Hepatitis C is not spread by casual contact such as hugging, kissing, sneezing, coughing, or sharing food or drink. You can get
Hepatitis C by coming into contact with the blood of someone who has Hepatitis C. The most common ways the virus spread are:

  1. Sharing needles, syringes, or other equipment to inject drugs.
  2. Needle stick injuries in health care setting.
  3. Being born to a mother who has Hepatitis C.
  4. Sharing personal care items that may have come into contact with another person’s blood, such as razors or toothbrushes.
  5. Having sexual contact with a person who is infected. Although transmission through sexual contact is low, the risk increases for those who have multiple partners.


Is there a cure?

For many people treatments are available that can cure Hepatitis C and prevent liver damage, cirrhosis, and even liver cancer. Hepatitis C can be cured by taking an antiviral medicine. The correct combination of antivirals is decided by your doctor or a specialist. Those diagnosed with Hepatitis C should prevent further damage to their liver by avoiding alcohol, illegal drugs, and certain medications that can be hard on your liver.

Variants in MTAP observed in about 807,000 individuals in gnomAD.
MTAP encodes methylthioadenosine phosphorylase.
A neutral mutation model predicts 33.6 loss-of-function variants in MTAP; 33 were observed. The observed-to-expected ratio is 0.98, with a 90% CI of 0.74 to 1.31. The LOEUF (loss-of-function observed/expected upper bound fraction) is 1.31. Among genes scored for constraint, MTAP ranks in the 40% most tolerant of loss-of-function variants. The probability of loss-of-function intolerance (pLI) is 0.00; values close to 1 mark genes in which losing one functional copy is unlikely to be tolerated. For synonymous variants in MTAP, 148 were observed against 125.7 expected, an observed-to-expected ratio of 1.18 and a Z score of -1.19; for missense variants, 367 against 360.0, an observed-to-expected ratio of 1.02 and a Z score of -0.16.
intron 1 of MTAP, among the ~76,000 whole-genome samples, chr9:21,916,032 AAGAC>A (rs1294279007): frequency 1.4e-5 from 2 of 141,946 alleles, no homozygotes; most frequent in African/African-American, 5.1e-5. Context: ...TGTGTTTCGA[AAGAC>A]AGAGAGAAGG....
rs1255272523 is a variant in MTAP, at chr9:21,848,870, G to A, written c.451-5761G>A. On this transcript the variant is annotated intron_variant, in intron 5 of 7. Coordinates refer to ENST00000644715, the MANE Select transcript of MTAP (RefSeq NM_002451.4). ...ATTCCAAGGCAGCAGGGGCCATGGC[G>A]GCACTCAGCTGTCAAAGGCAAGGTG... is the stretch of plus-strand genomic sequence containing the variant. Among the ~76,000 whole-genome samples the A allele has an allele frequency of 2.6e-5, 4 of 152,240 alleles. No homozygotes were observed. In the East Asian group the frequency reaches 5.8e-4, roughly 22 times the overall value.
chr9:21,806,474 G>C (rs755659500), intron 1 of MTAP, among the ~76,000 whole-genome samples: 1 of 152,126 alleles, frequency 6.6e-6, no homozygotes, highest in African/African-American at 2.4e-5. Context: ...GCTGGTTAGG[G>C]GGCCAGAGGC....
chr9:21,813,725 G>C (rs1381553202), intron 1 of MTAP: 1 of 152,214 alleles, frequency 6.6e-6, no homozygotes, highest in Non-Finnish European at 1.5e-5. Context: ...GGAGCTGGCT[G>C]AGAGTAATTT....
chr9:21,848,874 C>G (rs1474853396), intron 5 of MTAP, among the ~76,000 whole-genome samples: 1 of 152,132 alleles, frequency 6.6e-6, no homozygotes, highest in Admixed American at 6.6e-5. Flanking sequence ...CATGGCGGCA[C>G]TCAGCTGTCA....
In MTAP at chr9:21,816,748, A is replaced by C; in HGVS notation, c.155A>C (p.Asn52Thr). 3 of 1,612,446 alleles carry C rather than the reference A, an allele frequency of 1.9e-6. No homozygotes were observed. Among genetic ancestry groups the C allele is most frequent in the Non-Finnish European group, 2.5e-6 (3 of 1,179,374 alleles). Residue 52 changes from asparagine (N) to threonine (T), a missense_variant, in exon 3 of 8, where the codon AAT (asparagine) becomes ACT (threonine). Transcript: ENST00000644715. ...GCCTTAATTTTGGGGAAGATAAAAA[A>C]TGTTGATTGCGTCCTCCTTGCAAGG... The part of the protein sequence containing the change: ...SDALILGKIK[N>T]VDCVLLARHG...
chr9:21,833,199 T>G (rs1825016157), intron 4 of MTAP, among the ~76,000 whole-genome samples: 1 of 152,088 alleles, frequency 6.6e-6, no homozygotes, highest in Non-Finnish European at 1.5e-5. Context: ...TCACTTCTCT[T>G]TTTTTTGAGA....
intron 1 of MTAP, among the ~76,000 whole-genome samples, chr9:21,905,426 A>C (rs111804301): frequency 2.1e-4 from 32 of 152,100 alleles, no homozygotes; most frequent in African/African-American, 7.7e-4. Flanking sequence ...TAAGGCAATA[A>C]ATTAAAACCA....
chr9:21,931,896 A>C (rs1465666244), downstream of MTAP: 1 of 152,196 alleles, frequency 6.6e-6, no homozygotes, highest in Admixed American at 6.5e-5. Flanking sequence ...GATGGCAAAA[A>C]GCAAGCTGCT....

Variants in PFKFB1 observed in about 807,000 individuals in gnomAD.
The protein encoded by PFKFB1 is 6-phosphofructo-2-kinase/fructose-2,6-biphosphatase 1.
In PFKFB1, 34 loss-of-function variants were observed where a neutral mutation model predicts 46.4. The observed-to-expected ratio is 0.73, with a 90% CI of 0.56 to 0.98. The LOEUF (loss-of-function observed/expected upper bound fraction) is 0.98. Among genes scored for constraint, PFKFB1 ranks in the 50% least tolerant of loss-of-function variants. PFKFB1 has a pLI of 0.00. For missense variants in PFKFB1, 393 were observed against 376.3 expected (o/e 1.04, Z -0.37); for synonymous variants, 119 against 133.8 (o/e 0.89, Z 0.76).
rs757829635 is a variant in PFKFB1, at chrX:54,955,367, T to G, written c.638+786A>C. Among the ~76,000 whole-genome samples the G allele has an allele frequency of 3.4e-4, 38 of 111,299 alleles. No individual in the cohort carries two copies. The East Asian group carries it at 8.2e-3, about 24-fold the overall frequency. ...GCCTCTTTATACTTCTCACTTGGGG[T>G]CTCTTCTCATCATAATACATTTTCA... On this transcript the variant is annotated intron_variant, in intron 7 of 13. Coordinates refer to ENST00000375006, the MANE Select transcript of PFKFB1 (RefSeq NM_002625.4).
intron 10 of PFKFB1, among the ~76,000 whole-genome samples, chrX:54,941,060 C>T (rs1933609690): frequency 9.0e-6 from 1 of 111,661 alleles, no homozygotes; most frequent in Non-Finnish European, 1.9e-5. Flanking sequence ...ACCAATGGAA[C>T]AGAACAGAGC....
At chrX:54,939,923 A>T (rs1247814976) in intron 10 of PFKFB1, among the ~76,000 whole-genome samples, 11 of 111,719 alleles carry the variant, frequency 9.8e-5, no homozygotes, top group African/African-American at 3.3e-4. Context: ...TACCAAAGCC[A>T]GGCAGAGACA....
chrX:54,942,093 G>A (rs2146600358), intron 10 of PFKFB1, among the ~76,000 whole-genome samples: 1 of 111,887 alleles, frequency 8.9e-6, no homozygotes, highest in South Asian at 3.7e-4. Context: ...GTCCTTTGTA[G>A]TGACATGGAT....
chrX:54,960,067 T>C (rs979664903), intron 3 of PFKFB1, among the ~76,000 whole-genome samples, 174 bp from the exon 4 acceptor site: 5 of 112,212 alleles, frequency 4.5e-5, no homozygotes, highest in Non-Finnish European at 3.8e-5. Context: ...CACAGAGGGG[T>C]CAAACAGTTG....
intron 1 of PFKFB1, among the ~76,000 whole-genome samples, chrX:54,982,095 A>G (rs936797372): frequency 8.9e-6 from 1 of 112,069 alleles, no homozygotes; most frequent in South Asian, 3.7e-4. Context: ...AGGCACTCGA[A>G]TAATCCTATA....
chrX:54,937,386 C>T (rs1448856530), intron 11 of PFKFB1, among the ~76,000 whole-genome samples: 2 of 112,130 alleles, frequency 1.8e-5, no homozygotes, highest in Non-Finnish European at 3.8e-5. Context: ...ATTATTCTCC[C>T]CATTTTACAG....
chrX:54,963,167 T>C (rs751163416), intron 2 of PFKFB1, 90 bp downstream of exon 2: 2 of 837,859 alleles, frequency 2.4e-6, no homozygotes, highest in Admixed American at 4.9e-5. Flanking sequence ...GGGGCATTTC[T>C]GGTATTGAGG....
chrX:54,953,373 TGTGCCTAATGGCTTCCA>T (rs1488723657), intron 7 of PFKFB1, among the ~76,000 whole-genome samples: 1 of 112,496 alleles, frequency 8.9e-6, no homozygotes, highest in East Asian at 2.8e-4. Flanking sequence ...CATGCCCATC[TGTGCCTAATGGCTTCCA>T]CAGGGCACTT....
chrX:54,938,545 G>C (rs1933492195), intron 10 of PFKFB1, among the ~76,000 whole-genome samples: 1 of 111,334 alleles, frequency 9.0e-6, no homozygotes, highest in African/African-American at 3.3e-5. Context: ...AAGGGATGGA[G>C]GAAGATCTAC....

Why are people born between 1945 and 1965 more likely to have hepatitis C?

No one is 100% sure why people born between 1945 and 1965 are at higher risk for Hepatitis C. The virus was discovered in 1989 and since then screening and safety practices have been put into place to safeguard against infection. People infected with Hepatitis C before control standards were put into place may have never been screened and no longer show symptoms. The CDC now recommends that anyone born from 1945 through 1965 get tested for Hepatitis C.


Lipid Panel

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What is a Lipid Panel?

A lipid panel is a blood test that measure lipids and fatty substances used as a source of energy by your body. Lipids include cholesterol and triglycerides. The lipid panel can help your healthcare provider determine your risk for heart disease and stroke.